“In the US there were already a number of major cities that had a 311 call center to handle issues like this and let them be tracked to resolution, but apps like SeeClickFix worked to make those interactions much more public and social and generally easier to use.”

Making interactions public and social is a key part of Open311’s appeal as mySociety developer Dave Whiteland states: “We didn’t originally build FixMyStreet because we wanted to get potholes fixed.

“We built it because we wanted nervous, politically inexperienced people to know what it felt like to ask the government to do something, and to be successful at that.

“We wanted to give people the buzz of feeling like they have a bit of power in this world, even if the most tiny amount.

“If the government fixes a problem and the citizen doesn’t find out it’s a double loss. The citizen becomes disillusioned and weakened, and the government doesn’t get the credit it is due. Everyone loses.”

Seattle town hall has its own mobile app for citizens to report issues, Find It, Fix It, and it lacks both the public and social elements of Open311. It’s a closed loop interaction between the individual and the city and it’s had some testy reviews in the Apple store:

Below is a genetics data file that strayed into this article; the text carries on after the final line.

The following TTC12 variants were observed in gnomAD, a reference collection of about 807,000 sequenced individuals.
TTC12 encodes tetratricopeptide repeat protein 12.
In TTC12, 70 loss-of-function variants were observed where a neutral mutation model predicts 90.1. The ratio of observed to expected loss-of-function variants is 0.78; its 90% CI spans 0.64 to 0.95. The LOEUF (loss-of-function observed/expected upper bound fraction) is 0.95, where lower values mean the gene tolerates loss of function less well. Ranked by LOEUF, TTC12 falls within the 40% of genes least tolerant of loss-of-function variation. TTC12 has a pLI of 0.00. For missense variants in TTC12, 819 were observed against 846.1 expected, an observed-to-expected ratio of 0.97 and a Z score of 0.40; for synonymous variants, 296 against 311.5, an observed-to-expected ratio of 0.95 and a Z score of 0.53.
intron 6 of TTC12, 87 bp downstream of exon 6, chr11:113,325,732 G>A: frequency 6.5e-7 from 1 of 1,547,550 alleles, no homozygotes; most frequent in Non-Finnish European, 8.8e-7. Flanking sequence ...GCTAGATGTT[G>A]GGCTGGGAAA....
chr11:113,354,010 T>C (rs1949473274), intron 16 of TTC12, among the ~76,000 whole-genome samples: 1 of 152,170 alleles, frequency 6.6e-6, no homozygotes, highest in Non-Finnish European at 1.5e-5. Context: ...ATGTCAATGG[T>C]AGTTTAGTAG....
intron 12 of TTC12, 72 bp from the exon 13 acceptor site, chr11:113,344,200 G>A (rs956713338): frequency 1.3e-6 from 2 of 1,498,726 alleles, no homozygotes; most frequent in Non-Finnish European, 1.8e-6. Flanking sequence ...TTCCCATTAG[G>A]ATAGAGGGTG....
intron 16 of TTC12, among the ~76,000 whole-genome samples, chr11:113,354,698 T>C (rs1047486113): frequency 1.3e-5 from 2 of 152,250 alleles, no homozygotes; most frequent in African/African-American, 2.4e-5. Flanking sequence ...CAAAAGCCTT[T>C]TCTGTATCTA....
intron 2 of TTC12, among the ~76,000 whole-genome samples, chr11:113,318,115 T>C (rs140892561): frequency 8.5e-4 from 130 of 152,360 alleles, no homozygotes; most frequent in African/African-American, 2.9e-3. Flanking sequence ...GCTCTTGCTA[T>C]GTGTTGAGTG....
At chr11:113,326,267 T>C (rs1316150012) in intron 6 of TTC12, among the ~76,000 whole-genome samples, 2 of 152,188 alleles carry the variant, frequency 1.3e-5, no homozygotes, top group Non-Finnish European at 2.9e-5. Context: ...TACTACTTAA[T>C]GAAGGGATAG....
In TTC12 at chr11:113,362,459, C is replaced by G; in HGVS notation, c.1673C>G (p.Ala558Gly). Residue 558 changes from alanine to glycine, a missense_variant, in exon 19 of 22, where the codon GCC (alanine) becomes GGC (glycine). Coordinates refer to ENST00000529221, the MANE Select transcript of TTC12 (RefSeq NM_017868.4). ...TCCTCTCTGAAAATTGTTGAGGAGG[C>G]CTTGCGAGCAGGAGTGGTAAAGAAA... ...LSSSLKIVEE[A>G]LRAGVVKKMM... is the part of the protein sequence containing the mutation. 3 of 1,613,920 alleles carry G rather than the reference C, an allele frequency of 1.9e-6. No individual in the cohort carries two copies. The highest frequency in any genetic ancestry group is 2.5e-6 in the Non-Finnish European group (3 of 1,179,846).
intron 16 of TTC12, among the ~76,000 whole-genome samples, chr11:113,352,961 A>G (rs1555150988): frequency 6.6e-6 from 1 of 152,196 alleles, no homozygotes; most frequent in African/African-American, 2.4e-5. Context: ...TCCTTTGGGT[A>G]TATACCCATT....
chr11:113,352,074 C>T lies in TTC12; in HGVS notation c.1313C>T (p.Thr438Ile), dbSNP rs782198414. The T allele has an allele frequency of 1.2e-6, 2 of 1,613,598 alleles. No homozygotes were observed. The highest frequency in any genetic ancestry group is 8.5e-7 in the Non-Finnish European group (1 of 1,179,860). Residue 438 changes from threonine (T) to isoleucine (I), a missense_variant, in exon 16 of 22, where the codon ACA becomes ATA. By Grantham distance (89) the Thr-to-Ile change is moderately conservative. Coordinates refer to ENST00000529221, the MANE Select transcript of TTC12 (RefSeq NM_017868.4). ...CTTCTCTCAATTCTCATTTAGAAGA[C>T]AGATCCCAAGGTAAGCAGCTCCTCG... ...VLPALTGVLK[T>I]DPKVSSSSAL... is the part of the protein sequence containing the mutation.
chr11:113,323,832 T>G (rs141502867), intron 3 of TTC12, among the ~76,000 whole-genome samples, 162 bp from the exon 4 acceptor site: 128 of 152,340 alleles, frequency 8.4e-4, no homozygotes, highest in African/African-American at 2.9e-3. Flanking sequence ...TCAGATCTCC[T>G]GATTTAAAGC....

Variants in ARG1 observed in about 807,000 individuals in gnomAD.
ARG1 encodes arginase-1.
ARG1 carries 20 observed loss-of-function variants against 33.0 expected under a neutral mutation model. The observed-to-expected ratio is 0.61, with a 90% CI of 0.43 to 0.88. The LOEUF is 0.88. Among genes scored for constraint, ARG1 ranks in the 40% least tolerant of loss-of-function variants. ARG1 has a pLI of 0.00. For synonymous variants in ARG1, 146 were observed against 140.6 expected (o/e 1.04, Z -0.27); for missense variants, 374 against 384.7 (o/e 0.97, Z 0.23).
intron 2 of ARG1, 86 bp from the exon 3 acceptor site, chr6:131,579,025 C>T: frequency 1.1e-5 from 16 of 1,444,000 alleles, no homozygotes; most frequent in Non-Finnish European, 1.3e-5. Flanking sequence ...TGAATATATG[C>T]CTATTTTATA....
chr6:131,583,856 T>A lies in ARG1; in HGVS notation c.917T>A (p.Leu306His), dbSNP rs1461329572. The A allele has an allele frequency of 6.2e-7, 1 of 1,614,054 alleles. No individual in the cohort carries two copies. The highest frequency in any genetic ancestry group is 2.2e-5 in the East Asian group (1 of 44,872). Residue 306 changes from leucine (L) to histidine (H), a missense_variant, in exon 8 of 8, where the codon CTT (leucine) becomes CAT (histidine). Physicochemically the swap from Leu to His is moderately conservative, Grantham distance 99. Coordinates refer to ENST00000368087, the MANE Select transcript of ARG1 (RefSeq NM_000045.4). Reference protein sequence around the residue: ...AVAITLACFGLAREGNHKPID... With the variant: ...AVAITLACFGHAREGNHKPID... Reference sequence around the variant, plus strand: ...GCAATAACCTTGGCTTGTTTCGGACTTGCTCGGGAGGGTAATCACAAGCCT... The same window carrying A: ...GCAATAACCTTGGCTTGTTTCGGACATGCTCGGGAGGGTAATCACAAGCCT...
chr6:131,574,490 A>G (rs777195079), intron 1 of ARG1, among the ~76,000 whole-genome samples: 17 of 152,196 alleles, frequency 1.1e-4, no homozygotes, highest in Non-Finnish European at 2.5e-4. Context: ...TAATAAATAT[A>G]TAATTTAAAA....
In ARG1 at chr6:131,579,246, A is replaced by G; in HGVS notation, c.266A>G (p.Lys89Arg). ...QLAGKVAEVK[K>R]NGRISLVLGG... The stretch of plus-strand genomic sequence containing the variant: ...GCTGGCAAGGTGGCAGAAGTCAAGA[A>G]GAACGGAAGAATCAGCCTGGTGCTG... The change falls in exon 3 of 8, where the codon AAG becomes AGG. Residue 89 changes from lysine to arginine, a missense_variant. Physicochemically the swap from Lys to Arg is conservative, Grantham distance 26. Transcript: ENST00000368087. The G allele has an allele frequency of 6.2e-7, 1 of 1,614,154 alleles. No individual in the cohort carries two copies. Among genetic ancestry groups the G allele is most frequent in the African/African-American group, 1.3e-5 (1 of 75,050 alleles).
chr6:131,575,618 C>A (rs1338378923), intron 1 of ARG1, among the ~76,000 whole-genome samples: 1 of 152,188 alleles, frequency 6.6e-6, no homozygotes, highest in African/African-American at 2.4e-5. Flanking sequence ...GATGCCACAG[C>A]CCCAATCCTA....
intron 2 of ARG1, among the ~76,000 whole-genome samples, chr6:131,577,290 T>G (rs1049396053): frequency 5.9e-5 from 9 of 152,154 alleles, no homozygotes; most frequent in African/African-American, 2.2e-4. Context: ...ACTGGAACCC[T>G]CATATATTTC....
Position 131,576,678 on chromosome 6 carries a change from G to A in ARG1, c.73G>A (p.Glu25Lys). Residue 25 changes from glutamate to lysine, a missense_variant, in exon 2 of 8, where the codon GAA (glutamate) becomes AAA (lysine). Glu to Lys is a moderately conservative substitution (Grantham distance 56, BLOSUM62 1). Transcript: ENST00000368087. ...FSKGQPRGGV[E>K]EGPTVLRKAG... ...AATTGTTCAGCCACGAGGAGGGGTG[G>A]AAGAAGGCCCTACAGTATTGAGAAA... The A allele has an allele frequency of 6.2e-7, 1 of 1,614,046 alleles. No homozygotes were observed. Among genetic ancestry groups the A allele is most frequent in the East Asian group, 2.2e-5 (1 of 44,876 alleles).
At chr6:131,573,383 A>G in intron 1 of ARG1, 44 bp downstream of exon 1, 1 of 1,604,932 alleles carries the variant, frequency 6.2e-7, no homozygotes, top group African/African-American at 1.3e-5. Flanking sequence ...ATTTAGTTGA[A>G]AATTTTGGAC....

“Even when it did work the city closed the case without taking care of the illegal dumping or communicating with me on the status of my request.”

“City called the case closed without removing the dirty sofa illegally dumped on my side walk! I don’t think they look at those requests. Useless apps. Crashed and now I can’t even open it…”

“I reported a streetlight that was lit during the day. The report sat there for months before it expired with no response. What’s the point of this app if nobody responds to reports?”

Get it right and the joined up experience works “incredibly well” according to Chris Palmer at the London Borough of Barnet: “Rather than putting you through a ‘customer service process’, FixMyStreet gives you a clear idea of what’s happening, allows you to contact your council from standing in the middle of the street with your phone, and gets you a quick response.”

mySociety’s Myfanwy Nixon said one of the organization’s main aims was to serve people who might never have contacted their council about the things that bothered them in their own community.